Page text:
Wednesday, February 3, 2010

When Criticism of Israel Turns Into Anti-Semitism

The sixty-fifth anniversary of the liberation of Auschwitz recently took place. We certainly cannot forget what happened. As George Santayana said, “those who cannot learn from history are doomed to repeat it.” The consciousness of the Holocaust and the ever-growing need for a Jewish state can never be forgotten. The history of anti-Semitism makes Israel all the more controversial topic. This all begs a very important question: where does legitimate criticism of Israel end and bigotry begin?

A legitimate concern is that Israel can play the victim card to wiggle out of any criticism. We should be diligent to make sure it never happens, but as not happened yet because this is not how Israel has done business. On the contrary, it has learned how to stand on its own two feet and taken responsibility for its actions.

I love Israel. It’s a wonderful country. I plan on moving there some day. But if you think I can’t criticize Israel just because I’m a practicing, Zionist Jew, I can surprise you by giving my fair share. After the first time I went to Israel, I was surprised as to what sort of problems Israel had. Rivers were polluted and the highways were so littered that for a moment, I thought I was back in the United States. I found out that the Yitzhak Rabin assassination cause a rift between religious and secular people in Israel, much larger than anything here in America. What shocked me the most was the poverty in Israel, which is at about 20%.  It has gotten so bad that there is only one job for every eleven people applying.  Although the fact that the poverty itself was staggering, I was mostly surprised at who was the cause of the poverty. I know that Israeli Arabs have a while to go in terms of being fully trusted and enfranchised by the Israeli government (Life’s not fair, but if you had a bunch of hostile Arab nations surrounding you that yearned for your total annihilation, would you feel much different? Probably not!), which is why I thought they were the impoverished ones. Although a disproportionate amount is poor, it was amazing to find out that the primary cause of poverty were the ultra-Orthodox (Haredi) Jews. I was trying to pray at the Kotel for twenty minutes, and I’m not exaggerating when I say that six Haredi Jews were begging me for money. Here I am, trying to get in touch with Hashem at the most holy site in the world, and I have men with chutzpah who tell me that if I give them money, they can pray for me. Excuse me, pray for me?! I can pray for myself, thank you very much. I think in the process, I’ll pray that you learn the value of acquiring a job, because as Pirkei Avot 2:2 says, יפה תלמוד תורה עם דרך ארץ, שיגיעת שניהם משכחת עוון, which means that Torah without a “worldly job” leads to sin.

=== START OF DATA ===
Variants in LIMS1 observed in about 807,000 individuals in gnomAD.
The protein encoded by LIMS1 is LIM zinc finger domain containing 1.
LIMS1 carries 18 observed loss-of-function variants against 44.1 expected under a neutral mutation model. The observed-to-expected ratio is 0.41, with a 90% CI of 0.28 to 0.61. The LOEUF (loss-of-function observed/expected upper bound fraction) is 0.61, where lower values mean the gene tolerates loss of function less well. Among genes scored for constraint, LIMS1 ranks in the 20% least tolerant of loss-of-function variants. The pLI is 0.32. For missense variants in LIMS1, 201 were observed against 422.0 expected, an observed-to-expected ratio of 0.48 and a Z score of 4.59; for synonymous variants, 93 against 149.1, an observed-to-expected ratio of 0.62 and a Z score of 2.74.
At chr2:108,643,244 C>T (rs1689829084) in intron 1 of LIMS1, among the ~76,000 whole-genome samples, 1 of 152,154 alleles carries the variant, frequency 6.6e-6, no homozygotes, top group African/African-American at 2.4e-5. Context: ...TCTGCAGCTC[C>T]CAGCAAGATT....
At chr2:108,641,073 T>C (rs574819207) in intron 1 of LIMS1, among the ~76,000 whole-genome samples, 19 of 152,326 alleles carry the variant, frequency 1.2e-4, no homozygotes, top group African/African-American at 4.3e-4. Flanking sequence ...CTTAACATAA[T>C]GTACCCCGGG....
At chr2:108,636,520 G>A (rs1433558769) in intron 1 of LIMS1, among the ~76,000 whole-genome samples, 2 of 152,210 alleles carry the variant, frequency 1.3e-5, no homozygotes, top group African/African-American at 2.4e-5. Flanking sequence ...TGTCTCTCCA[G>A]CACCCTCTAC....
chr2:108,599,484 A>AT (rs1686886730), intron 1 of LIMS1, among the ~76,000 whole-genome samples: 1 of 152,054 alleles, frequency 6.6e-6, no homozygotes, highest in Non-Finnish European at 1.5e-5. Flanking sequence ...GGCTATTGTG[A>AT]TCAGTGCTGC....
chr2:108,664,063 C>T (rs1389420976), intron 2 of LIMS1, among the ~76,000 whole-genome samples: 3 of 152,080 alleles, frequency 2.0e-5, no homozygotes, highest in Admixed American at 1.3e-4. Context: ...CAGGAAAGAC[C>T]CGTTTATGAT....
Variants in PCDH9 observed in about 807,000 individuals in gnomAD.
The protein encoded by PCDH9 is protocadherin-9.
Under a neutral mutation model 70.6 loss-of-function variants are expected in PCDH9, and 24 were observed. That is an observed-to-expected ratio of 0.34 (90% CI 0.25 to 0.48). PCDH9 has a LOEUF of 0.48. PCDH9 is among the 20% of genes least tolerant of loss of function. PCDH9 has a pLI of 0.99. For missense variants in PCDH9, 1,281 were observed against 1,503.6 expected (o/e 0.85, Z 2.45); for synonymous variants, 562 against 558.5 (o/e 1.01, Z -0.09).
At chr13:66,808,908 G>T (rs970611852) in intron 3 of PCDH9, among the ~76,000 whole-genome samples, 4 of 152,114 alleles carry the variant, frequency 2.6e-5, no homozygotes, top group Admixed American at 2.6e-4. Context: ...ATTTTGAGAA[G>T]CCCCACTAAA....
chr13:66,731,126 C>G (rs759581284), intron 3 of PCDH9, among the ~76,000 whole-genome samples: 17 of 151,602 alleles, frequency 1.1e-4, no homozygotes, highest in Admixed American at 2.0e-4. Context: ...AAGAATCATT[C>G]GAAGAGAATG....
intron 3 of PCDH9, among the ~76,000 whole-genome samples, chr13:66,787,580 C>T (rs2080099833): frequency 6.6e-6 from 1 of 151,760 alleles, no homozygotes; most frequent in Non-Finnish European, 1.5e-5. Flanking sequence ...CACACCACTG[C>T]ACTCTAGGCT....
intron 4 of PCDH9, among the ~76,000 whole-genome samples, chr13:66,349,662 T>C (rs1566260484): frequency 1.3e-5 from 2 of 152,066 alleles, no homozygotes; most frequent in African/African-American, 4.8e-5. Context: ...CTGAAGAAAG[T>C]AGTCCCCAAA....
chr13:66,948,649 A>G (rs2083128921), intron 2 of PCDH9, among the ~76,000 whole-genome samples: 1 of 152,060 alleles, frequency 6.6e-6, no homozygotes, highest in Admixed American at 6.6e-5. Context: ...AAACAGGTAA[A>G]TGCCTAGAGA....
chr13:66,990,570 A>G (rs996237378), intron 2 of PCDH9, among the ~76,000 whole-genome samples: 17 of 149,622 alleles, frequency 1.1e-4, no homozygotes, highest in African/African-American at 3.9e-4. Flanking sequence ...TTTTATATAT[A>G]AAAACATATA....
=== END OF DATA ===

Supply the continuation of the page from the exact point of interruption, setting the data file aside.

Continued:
This is just criticism I can give to Eretz Yisrael from being there for ten days! Looking at the issue from the lens of a American political pundit who is Jewish, I can point out a few others. One point of criticism is undoubtedly the Haredi establishment within Israeli politics. During the creation of the Jewish state, Israel has been trying to work out the dichotomy of having a liberal democracy and a religiously Jewish state. To appease the religious community, the secular government gave the religious establishment a slightly disproportionate amount of power. Now that power has grown and has been concentrated on the Far Right of the religious spectrum. The Israeli government will only finance Orthodox synagogues, usually with a Haredi bent. This means that non-Orthodox synagogues solely rely on private funding, which makes it more difficult to finance. The Haredim control the conversion process and has made the conversion process insufferable for those who want a halachic conversion. I personally know of at least four friends who have been turned away from Judaism precisely because of this issue. It’s astounding that thousands of perfectly good candidates who would have otherwise been good Jews have been deterred precisely because we have given into “stringency for stringency’s sake.” The biggest problem, though, is why they cause poverty. Essentially, they are the recipients of welfare checks in Israel. They feel that studying is such an ideal that the State should financially support them in their studies, and thereby exempt them from having an actual job. In spite of the fact they forget what the Sages say (see above), they purposefully perpetuate the welfare program in Israel, thereby economically crippling Israel.

A few other issues I can think of offhand. One of them is the treatment of Ethiopian Jews in Israel. Starting in the late 1970s, the state of Israel has been bringing Ethiopian Jews to Israel and absorbing them. The Ethiopian Jews since then have had to deal with racism and bigotry as they get settled into Israel. A survey was done where most Israeli employers would rather not hire Ethiopians. The same goes for Arabs and Haredim, although based on what I just wrote, you can’t exactly blame them for the latter. It will probably take another couple of generations to get well-established. Another issue I take is with the secular part of Israel. Most, if not all, secular Israeli Jews have never stepped foot in a synagogue, let alone have a full understanding and appreciation of Judaism. The Israeli Department of Education needs to address this issue. Many of the secular Jews don’t understand why or what they’re fighting for when they are signed up for the IDF. Understanding would make IDF service more tolerable, thereby boosting militaristic morale.